As it turned out, Wong’s internships during her three years at Golden Gate University School of Law were pivotal in directing her toward plaintiffs’ law. She did two internships with judges, one in state court and one in federal court. And she did an internship at the court of the Facilitator’s Office, helping people who didn’t have lawyers with their paperwork. She also worked with a women’s employment rights clinic and with the Tenderloin Housing Clinic. That was the flip of the switch: “I really liked working with people and helping people,” she said.

Taking charge

When Wong went out looking for jobs, she ended up at a very small plaintiffs’ firm, with just her, one other lawyer and no staff, she said. All they did was plaintiffs’ employment law and personal injury, and she didn’t have any familiarity with personal injury.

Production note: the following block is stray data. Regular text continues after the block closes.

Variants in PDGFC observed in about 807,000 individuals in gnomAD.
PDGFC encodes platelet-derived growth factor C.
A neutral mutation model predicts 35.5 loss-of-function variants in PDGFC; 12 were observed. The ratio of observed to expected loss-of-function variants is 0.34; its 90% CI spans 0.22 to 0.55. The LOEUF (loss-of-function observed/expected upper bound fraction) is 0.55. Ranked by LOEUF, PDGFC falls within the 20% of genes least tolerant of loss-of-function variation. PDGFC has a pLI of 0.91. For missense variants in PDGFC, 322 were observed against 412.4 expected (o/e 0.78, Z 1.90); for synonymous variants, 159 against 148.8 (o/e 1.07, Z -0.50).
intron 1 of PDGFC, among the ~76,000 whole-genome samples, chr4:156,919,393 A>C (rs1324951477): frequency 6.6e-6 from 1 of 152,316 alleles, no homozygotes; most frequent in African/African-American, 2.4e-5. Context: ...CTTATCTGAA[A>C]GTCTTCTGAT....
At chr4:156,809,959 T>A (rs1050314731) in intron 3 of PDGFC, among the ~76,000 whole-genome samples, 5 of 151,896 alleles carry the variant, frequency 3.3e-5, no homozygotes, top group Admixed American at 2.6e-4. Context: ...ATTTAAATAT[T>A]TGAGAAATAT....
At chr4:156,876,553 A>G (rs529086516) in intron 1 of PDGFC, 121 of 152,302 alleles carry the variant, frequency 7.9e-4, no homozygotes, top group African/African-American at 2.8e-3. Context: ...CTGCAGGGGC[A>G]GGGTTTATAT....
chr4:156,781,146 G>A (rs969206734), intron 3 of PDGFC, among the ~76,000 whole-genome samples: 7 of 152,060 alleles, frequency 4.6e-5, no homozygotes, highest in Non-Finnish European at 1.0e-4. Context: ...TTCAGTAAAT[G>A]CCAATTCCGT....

After two years she was hired at the Veen Firm, in a move she referred to as a big transition. Over the years, Wong has been to trial five or so times, and she hasn’t been the lead. But she found her niche in achieving excellent settlements for her clients, and quickly became one of the firm’s leaders.

One of her more memorable cases involved a 29-year-old client who was rendered a quadriplegic after he suffered a fall at a construction site while on the job. Wong said she knew the moment she got the case that it was going to be a big fight against a big company. Her client fell 50-60 feet and survived. But he was paralyzed from the neck down and suffered a severe brain injury. The young man was newly married and had a child on the way.

“This is my bread and butter: construction site cases or multi-employer worksite injuries, where you’re injured at work and you sue someone who’s not your employer,” she explained. “This is one of those cases where it looked like there would be a lot of employer fault and fault on (the plaintiff’s) part for what he did to cause this fall. I felt bad for him and his family and wanted to help so much. I knew it was going to be extraordinarily challenging: How do you establish fault on the part of the property owner?”